- Slides: 67
SOAR 2007 Past Climates
Past Climates ü Climate History þ Types of records þ Climate reconstruction for Earth ü Climate variables þ Ocean/Atmosphere variations ý ENSO, PDO, NAO, AMO, Thermohaline circulation þ Events ý Volcanoes & Impacts þ Spaceship Earth ý Solar environment ý Galactic environment ý Orbital Variations
Past Climate Records ü Instrumental þ 18 th – 21 st centuries with increasing accuracy ý Best in Europe, N. America, Australia ý Very little data over oceans, 70% of surface þ Keening Curve: 1957 - present ý CO 2 in air over Mauna Loa, Hawaii Northern Winter: CO 2 builds up from decay. Northern Summer: Plants absorb CO 2 This simple curve started the whole damn controversy!!
Past Climate Records ü Anecdotal Records þ Written records of planting, blooming, harvests þ Frozen Dutch canals in art þ Archeological sites ý Vikings in Greenland Labrador
Past Climate Records ü Proxy (indirect natural) Records þ Tree rings ý Temperature, precipitation, fire, insects, other stresses ý Depends on area, species level of stress Ö best near stress limit ý Back to ~1000 years (bristlecone pine in CA) Ö plus overlapping with structures
Past Climate Records ü Proxy (indirect natural) Records þ Tree rings ý Fossil forests in the arctic … 60 million years old!
Past Climates ü Proxy (indirect natural) Records þ Palynology (pollen) from sediments shrub ý Accumulated in peat bogs & lakes ý Must be independently dated (cross-matched or 12 C) ý Local influences complicate records Ö eg. Fire, flood, etc. ý Types of pollen vary in uniqueness Ö eg. Pine pollen everywhere … even ice caps! birch sedge spruce oak Pine
Past Climates Collecting sediment samples in Canada Lake sediments Peatland cores Dr. Steve Robinson, SLU Geology
Past Climate Records ü Proxy (indirect natural) Records þ Ice Cores ý Alpine glaciers ý Greenland ice sheet ý Antarctic ice sheet Greenland ice sheet at 10, 400 feet = 1. 98 miles
Past Climate Records ü Vostok & Greenland Ice Cores þ Show annual* variations of atmosphere ý Bubbles of air contain old atmosphere Ö Variations in CO 2, CH 4 Give ×Comparisons to today, ×Correlations with temperature ý Ice crystals vary in composition Ö Different Isotopes of Oxygen, Hydrogen, etc. ý Dust Ö Volcanos, Impacts, Winds, Organic Matter *Where annual layers unclear, chronology is reconstructed from other annual variables
Isotopes ü Number of neutrons in nuclei varies þ eg. Oxygen 16 (16 O) & 18 (18 O) 16 O 8 protons 8 neutrons 18 O 8 protons 10 neutrons 1 18 O in 1000 16 O þ 18 O heavier than 16 O harder to evaporate ý Ice Cores Ö High ratio of 18 O/16 O for warm globe ý Deep Sea Sediments Ö High ratio of 18 O/16 O for cool globe
Ice Core Data ü Isotopes indicate glaciations
Ice Core Data ü Annual Layers þ Dating & N-S correlation 18 O/16 O GISP 2 = Greenland Vostok = Antarctica Greenland ice core: arrows indicate summers. ü Isotopes þ Correlate with temperature þ Ice rich in heavy isotope indicates a warmer ocean ü Trapped air þ Atmospheric composition 2 H/1 H
Ice Core Data ü Isotopes & Temperature þ Difference from current gives temperatures in past 18 O/16 O GISP 2 = Greenland Vostok = Antarctica 2 H/1 H
Ice Core Data ü Composition þ Correlation of temperature (isotopes) with CO 2 and CH 4 content þ Difference from 1996 over 150, 000 yr Mostly much cooler: Ice Ages!
Global CO 2 ü CO 2 from Ice Cores & Mauna Loa
Carbon Dioxide ü Long-term sources: Volcanoes ü Long-term sinks: Chemical Weathering þ H 2 O + CO 2 H 2 CO 3 H+ + HCO 3 Carbonic Acid þ Ca. CO 3 + H+ Ca + HCO 3 ü Variable storage: Biosphere Bicarbonate can combine with many compounds eg. Na. HCO 3, Ca(HCO 3)2 CO 2 Concentration þ plants absorb þ decay releases Relative Temperature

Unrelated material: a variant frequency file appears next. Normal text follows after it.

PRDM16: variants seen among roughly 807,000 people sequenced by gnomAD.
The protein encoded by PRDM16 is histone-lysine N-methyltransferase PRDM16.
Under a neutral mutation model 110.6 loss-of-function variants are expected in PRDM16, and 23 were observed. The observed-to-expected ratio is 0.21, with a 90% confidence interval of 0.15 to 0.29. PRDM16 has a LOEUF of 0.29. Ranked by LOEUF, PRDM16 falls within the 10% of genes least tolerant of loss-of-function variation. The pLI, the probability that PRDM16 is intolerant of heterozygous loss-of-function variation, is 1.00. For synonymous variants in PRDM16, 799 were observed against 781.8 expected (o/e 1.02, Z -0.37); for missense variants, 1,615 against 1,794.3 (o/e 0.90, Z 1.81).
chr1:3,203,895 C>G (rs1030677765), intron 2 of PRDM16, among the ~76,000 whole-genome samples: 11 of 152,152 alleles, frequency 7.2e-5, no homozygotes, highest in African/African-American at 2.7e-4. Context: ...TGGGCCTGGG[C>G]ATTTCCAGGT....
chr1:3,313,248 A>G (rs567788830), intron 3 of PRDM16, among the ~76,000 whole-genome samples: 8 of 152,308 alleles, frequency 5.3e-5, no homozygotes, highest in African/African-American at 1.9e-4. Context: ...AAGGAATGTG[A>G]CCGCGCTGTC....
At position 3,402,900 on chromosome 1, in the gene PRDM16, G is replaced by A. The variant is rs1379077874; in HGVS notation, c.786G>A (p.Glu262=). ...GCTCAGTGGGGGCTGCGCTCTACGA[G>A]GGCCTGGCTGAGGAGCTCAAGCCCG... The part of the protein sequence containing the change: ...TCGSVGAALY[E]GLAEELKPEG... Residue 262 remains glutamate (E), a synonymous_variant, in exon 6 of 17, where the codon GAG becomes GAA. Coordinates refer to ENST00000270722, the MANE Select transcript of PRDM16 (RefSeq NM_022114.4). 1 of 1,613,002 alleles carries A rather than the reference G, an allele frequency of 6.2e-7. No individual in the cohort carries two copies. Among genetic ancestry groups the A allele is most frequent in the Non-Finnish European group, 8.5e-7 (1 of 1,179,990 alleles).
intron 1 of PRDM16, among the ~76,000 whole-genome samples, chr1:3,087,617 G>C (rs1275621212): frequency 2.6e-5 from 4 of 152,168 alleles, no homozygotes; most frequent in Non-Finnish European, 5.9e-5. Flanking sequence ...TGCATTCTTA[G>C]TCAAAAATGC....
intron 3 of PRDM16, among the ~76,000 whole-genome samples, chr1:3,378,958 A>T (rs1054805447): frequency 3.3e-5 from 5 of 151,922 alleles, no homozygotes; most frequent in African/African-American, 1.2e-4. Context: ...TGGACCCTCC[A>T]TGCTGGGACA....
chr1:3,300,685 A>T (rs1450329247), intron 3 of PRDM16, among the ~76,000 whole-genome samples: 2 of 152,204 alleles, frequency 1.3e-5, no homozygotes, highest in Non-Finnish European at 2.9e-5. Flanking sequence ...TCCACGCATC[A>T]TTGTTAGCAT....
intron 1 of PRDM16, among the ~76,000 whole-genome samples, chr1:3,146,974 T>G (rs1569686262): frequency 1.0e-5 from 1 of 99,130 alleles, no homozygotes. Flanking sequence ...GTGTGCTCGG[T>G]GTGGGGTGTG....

Climate History ü Crowley “Remembrance of Things Past” ü Last 1000 Years Temperature Changes from 1900 level. Seems to be Northern Hemisphere only.
Climate History ü Last 18 ky Wisconsonian Glaciation Younger Dryas: Gulf Stream shutdown due to glacial meltwater flood down St. Lawrence River.
Climate History ü Last 150 ky þ mostly ice core data
Climate History ü Last 140 ky
Climate History ü Last 800 ky þ Deep sea cores, 16 O/18 O Repeating ice ages much cooler than today! Humans
Climate History ü Last 100 My þ Marine & Terrestrial data Dinosaurs Much warmer in Mesozoic! ice ages Chicxulub Impact
Ocean & Atmosphere Variations ü Pacific Ocean þ ENSO – El Niño Southern Oscillation þ PDO – Pacific Decadal Oscillation ü Atlantic Ocean þ NAO – North Atlantic Oscillation þ AMO – Atlantic Multidecadal Oscillation þ Atlantic Oscillation þ Thermohaline Circulation
Variations in the Atmosphere ü Atmospheric Oscillations þ El Niño Southern Oscillation (ENSO) ý Trade winds slacken, warm water sloshes east ý Rain in Peru, Drought in Oceania, Varies elsewhere þ Pacific Decadal Oscillation (PDO) ý Latitude of warm pool varies ý Deflects positions of Jet Streams (storm tracks)
Regional Current Variations ü PDO – Pacific Decadal Oscillation þ Currently in Positive phase (since April 2001) ý Fisheries in northeast pacific very productive
Variations in the Atmosphere ü Atmospheric Oscillations þ Northern Atlantic Oscillation ý Strength of westerlies between 40°N and 60°N ý Driven by Azores/Iceland pressure difference Ö Positive larger difference × Recent positive phase unprecedented in last 500 years Ö Negative smaller difference Positive Negative
Variations in the Atmosphere Cool ü NAO þ Known since 19 th Century þ Positive ý strong Gulf Stream ý warm winter & spring in Scandinavia & E. US ý cool along east coast of Canada & west Greenland Positive: Strong westerlies Warm þ Negative – dry in E. N. Am, wet in S. Europe Negative: Weak westerlies
NAO Mostly positive since mid 1970’s Mostly negative in ’ 40’s – ‘ 60’s www. jisao. washington. edu
Variations in the Atmosphere ü Atmosphere/Ocean Connections þ Atlantic Multidecadal Oscillation ý Greenland icecores show oscillations Ö 80 & 180 year variations in N. Atlantic temperature þ Driven by NAO? ý Positive NAO Ö strong westerlies across Labrador sea cool ocean Ö strengthens Gulf Stream & Thermohaline Circulation (THC) ý Negative NAO Ö weak westerlies across Labrador sea keep ocean warmer Ö weakens Gulf Stream & THC
NAO ü Negative Phase mid 1950’s - 1970
NAO ü Mostly positive since mid-70’s
Ocean Variations ü Atlantic Multidecadal Oscillation þ Sea Surface Temperature in North Atlantic